Holding us to account

This is one of several posts talking about the values that embody us both as an organisation and as a group of people. To see other posts in this series, click here.

Accountability is a common theme in many businesses and in fact in our lives in general. We are all held to account in our daily lives – by our teachers, manager, parents and children. We, in turn, hold others to account – public servants, the organisations we deal with and our elected representatives. We are so familiar with it that we barely register when we practice it in our lives. So why did we include this as one of our key values?

In our discussions on our values, we talked about what were the building blocks that made up the DNA of SIPHON – what was it that kept customers coming back to us again and again. What actions did we take and how did we take those actions, that led to such loyalty. The aspect that we kept returning to after hours of discussion was our ownership of the relationships that we build – our accountability to our customers, to the business and to each other.

From the very start of SIPHON we have empowered our employees to stand up and be heard. Our Managing Director, Steve Harris, is always ready to listen to the staff and discuss their concerns. I recall during our first year of operation when I was asked by a customer for my opinion on a controversial point, I was hesitant. I had previously worked for companies who didn’t place such trust in most of their staff, requiring that such opinions were first approved by directors. I asked Steve, jokingly, if our liability insurance covered us if I was wrong. He smiled and told me not to worry, that I had been invited to join the company because of those very opinions, but to remember that I was accountable for the words I spoke and the actions the customer took based on those words.

This is a principle that’s stayed with us. We take great pains to ensure that ownership of issues, tickets, questions, relationships and tasks are all clear to everyone involved, from vendors through to customers. We recognise that each of us can have a positive outcome both on our customers’ success and our own and we take ownership of making that success happen. We “go the extra mile” – providing levels of support that our customers simply don’t see elsewhere. We represent our customers to our vendors and advocate on their behalf. And we make clear to everyone involved that we stand by those words, those opinions, those relationships. We invite people to hold us to account.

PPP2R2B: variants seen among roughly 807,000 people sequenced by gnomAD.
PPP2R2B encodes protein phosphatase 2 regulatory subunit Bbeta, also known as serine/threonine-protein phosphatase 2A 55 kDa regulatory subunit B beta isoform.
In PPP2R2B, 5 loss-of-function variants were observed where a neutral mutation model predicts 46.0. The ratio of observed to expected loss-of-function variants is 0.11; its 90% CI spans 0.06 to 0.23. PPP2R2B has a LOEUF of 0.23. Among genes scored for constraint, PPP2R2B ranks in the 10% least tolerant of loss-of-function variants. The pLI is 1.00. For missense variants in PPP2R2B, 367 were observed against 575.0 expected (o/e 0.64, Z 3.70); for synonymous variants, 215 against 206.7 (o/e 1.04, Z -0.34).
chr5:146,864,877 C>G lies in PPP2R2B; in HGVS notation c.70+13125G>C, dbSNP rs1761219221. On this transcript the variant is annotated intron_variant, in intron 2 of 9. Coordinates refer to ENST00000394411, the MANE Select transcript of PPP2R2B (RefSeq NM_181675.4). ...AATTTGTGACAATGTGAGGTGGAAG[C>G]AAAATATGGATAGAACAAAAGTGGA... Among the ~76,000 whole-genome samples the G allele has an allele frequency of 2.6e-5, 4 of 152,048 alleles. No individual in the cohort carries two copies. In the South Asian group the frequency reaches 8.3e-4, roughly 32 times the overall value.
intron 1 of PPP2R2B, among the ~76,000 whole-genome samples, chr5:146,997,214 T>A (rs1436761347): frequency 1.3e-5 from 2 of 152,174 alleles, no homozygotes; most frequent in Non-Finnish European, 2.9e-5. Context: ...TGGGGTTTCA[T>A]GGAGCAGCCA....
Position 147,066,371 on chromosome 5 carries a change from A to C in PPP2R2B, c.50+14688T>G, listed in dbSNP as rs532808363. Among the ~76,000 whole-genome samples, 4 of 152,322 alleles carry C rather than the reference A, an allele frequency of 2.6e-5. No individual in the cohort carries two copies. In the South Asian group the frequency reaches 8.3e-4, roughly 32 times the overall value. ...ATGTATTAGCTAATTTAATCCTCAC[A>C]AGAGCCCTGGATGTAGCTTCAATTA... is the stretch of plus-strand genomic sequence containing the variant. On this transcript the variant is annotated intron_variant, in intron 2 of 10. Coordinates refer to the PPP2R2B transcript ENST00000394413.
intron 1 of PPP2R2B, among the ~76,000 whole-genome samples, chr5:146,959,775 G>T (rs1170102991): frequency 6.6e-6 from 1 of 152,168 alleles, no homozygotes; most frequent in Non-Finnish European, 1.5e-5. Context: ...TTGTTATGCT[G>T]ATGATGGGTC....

It’s been an interesting journey for me in writing this post. I can instinctively recognise what actions are embodied in this value – the passion with which people in SIPHON practice this value is clear. We hold each other to account frequently and challenge where ownership is not clear. Talking to customers who know us well, they point to these actions and tell us that this is what makes us successful and a great company to work with. Step inside SIPHON and you’ll see that too. To try and explain this in a post on this blog has been challenging – to succinctly and clearly describe what this value means to me and to the company is not easy. But I took ownership of this, I wanted to go the extra mile and explain to everyone why this was important to us.

Now you get to hold me to account. How did I do?




About Aled Treharne 14 Articles
Aled is the Director of Innovation and Development at the Nuvias Unified Communications practice. He's now responsible for new product introduction and innovation in the UC practice as well as all our software development, but for the past 15 years he's been running voice platforms and has a wealth of technical knowledge and experience.

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